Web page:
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Naomi Novik and Yishan Li

Random House

ISBN: 978-0-345-51656-5

Reviewed by Tansy Rayner Roberts

Naomi Novik has moved into whole new territory with her recent release, Will Supervillains Be on the Final Vol. One. Far from the Napoleonic dragon bromance of Temeraire and his many sequels, this is the first in an American manga series that I really enjoyed. It has the fluffy romance of a Fruits Basket, mixed with a whole lot of US superhero traditions, and is beautifully drawn by Yishan Li.

This first volume introduces nervous student prodigy Leah, who has been allowed into superhero university Liberty Vocational a couple of years early because her immense powers are greatly needed in the war against supervillainy. There’s a whole world lightly sketched here, with hints of far bigger stories in the past and the future. I’m particularly intrigued by the background character of Calvin Washington, once the greatest superhero ever, now a quiet professor who has lost his powers. I also genuinely enjoyed the classroom challenges, and the left-of-centre lessons being thrown at the students. As a sucker for magical school stories, and someone who has been hanging out for a new fluffy manga to fall in love with, I’m signing up for this one!

The only down side is I’m not sure of when the next one is coming out, and whether there is a regular schedule planned or if they’re just putting out one to see how well they sell. Wahhh!

Karen Healey

Allen and Unwin

ISBN: 9781741758818

Reviewed by Tansy Rayner Roberts

Guardian of the Dead, by Karen Healey, was one of the most interesting YA debut novels last year, with its mixture of serial killer horror and Maori mythology, featuring contemporary New Zealand teenagers with both snark and substance. I was delighted to receive an early copy of Karen Healey’s follow up novel, The Shattering – so much so that I took it as my inflight entertainment for the Aurealis Awards weekend, at which Guardian of the Dead ended up winning Best Young Adult Novel!

Set in an idyllic New Zealand tourist town, this book has a very simple premise at the heart of it – teenagers uncovering supernatural wrongdoings – but it becomes something far more crunchy and intriguing thanks to the complex, diverse protagonists and Healey’s sensitive handling of some pretty major issues, including teen suicide, grief response, mental health, bullying and coming out to your parents. The absolute heart of the novel is the friendship between the three main characters, who all bond over the shared grief of losing an elder brother to suicide, and decide to investigate whether there is a more sinister reason behind their loss. I loved each of these characters deeply and enjoyed how flawed they are as well as how strong. I also adored the fact that, while there is romance here, the novel took a very pragmatic attitude towards teenage love stories, and that the central triad (two girls and a boy) was about as far from a love triangle as it is possible to get.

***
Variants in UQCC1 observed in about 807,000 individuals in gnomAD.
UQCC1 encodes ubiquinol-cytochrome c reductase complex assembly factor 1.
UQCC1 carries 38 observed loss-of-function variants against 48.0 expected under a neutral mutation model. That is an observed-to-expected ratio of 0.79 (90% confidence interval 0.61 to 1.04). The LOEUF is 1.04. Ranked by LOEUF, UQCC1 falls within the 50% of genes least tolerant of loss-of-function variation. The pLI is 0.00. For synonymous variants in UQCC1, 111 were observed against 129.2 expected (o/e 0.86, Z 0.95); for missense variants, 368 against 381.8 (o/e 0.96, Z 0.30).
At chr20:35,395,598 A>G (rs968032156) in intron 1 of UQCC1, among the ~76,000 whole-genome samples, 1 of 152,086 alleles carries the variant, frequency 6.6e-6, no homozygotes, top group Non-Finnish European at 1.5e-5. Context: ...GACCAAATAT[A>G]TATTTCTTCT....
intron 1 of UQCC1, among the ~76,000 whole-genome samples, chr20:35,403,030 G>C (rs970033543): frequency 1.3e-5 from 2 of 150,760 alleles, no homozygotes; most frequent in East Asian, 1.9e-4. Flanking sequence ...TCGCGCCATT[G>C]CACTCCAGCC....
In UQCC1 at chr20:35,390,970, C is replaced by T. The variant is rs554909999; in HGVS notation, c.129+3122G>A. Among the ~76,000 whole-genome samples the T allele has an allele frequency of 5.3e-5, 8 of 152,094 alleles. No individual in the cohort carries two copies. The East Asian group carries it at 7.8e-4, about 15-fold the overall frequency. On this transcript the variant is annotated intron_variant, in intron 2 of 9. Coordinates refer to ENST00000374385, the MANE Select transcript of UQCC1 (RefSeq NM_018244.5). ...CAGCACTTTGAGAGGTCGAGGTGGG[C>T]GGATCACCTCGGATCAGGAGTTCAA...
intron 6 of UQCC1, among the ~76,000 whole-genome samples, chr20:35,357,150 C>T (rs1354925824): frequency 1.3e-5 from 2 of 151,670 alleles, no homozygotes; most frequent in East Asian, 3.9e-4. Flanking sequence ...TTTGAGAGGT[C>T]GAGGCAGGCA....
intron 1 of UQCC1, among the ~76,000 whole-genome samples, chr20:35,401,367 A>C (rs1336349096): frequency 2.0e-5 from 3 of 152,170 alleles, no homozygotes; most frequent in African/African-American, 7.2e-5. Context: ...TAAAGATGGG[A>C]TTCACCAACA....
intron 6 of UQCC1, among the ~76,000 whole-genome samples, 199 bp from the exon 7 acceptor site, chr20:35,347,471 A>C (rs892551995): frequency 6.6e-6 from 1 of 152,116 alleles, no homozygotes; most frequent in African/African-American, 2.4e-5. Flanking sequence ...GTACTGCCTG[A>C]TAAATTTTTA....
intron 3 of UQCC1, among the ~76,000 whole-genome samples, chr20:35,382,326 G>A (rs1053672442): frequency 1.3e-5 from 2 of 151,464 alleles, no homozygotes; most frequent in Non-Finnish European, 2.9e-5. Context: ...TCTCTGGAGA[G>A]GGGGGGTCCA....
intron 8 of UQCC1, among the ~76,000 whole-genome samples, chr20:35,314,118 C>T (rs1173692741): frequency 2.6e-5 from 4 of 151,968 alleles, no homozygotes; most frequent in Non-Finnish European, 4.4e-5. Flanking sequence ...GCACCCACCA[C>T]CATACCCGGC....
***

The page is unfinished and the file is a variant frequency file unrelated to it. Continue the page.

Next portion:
Original, fast paced and richly detailed, The Shattering is a powerful second novel from a writer whose narrative choices are never dull.

Penni Russon

Allen and Unwin

ISBN: 9781741750447

Reviewed by Tansy Rayner Roberts

Shifting back and forth between a simple suburban story about a family rocked by sudden grief, and a chilling dystopian fairytale of another world, Russon shows what an excellent writer she is in this slender but powerful YA novel.

Claire’s greatest challenge in her ordinary life is learning to put away childish things – there’s a new baby coming in her family, and it feels time to pass on her old toys, but she can’t help hanging on to the past, and particularly a music box which represents her favourite memory of her childhood. But with one phone call, her family is changed forever, and as her family descends into shock and sadness, she retreats into a world of dreams.